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Religion Mennonite

Horse-and-Buggy Genius

Listening to Mennonites Contest the Modern World

by (author) Royden Loewen

Publisher
University of Manitoba Press
Initial publish date
May 2016
Category
Mennonite, Rural, Sociology of Religion
  • eBook

    ISBN
    9780887554919
    Publish Date
    May 2016
    List Price
    $70.00
  • Paperback / softback

    ISBN
    9780887557989
    Publish Date
    Apr 2016
    List Price
    $27.95
  • Hardback

    ISBN
    9780887552083
    Publish Date
    Sep 2019
    List Price
    $70.00

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Description

The history of the twentieth century is one of modernization, a story of old ways being left behind. Many traditionalist Mennonites rejected these changes, especially the automobile, which they regarded as a symbol of pride and individualism. They became known as a “horse-and-buggy” people.

Between 2009 and 2012, Royden Loewen and a team of researchers interviewed 250 Mennonites in thirty-five communities across the Americas about the impact of the modern world on their lives. This book records their responses and strategies for resisting the very things—ease, technology, upward mobility, consumption—that most people today take for granted.

Loewen’s subjects are drawn from two distinctive groups: 8,000 Old Order Mennonites, who continue to pursue old ways in highly urbanized southern Ontario, and 100,000 Old Colony Mennonites, whose history of migration to protect traditional ways has taken them from the Canadian prairies to Mexico and farther south to Belize, Paraguay, and Bolivia. Whether they live in the shadow of an urban, industrial region or in more isolated, rural communities, the fundamental approach of “horse-and-buggy” Mennonites is the same: life is best when it is kept simple, lived out in the local, close to nature. This equation is the genius at the heart of their world.

About the author

Royden Loewen is a senior scholar at the University of Winnipeg. His books include Horse-and-Buggy Genius: Listening to Mennonites Contest the Modern World and Village Among Nations: "Canadian" Mennonites in a Transnational World, 1916–2006.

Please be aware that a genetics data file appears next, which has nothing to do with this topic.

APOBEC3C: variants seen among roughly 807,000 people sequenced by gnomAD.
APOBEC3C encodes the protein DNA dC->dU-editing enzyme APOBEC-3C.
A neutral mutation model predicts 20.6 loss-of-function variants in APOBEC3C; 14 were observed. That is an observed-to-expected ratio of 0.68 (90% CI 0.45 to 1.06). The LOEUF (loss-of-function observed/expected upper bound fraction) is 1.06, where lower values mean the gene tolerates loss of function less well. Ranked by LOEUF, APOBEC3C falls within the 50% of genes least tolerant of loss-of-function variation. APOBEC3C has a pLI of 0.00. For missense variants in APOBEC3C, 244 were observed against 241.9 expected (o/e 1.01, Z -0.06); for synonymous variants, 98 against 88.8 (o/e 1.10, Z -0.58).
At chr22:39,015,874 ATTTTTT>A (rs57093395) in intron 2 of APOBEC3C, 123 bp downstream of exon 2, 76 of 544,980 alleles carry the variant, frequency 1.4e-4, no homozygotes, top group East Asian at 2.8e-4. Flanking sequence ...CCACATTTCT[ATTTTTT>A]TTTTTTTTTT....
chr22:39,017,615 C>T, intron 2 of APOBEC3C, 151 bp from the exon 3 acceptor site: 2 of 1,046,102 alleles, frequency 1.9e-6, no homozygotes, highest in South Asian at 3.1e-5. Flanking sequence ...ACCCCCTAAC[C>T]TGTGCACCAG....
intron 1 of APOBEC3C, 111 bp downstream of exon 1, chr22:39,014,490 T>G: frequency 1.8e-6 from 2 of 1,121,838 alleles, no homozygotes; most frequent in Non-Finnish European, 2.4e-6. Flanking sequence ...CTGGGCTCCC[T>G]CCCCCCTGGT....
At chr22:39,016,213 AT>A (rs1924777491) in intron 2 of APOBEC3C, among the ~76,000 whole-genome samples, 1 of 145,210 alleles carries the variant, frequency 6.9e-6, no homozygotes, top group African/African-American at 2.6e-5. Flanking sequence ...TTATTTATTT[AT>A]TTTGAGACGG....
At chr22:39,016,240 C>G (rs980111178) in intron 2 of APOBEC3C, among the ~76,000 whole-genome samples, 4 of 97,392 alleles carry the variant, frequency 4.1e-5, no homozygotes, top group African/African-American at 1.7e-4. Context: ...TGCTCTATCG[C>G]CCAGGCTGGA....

Royden Loewen's profile page

Editorial Reviews

“There is much here to consider in this well-written and enjoyable book.”

 

Agricultural History

“Offers seldom heard perspectives on traversing boundaries, both geographic and societal, while pushing readers to examine more deeply their own navigation of cultural norms.”

The Canadian Historical Review

“This volume offers a valuable opportunity for students of religion to hear rare Old Order voices and perspectives on religion. Highly recommended.”

CHOICE

“Royden Loewen’s new book examines how Old Colony and Old Order Mennonites try to maintain religious and cultural changelessness in a world that celebrates change. But Horse-and-Buggy Genius also provides a lens for all of us to examine our own worldly assimilation.”

Mennonite World Review

“Royden Loewen’s Horse-and-Buggy Genius cuts against the grain by treating plain Mennonite groups as historical communities, each with their own usable past that shapes decisions and perspectives in the ongoing struggle of Mennonites with the challenges of modernity.”

Mennonite Life

“Horse and Buggy Mennonites are a group of antimodern agrarian Mennonites that, like the Amish, have shunned much of modern technology in favour of plain dress and community living. By separating themselves from the world, these antimodern Mennonites are often used as pawns in wider political and theological agendas. For some, they represent the essence of moral, community-minded, environmentally sustainable, and peaceful living. For others, they represent a socially regressive, patriarchal society at odds with the progress made in the modern world. Loewen is neither ignorant nor dismissive of these tensions; rather than viewing these Mennonites through the lens of a particular agenda, he creates space for the voices of these communities to speak on their terms about how they view their approach to life. The result is an account of Horse and Buggy Mennonites that neither romanticizes nor dismisses their way of life. This is the genius of Loewen’s book.”

Rhubarb

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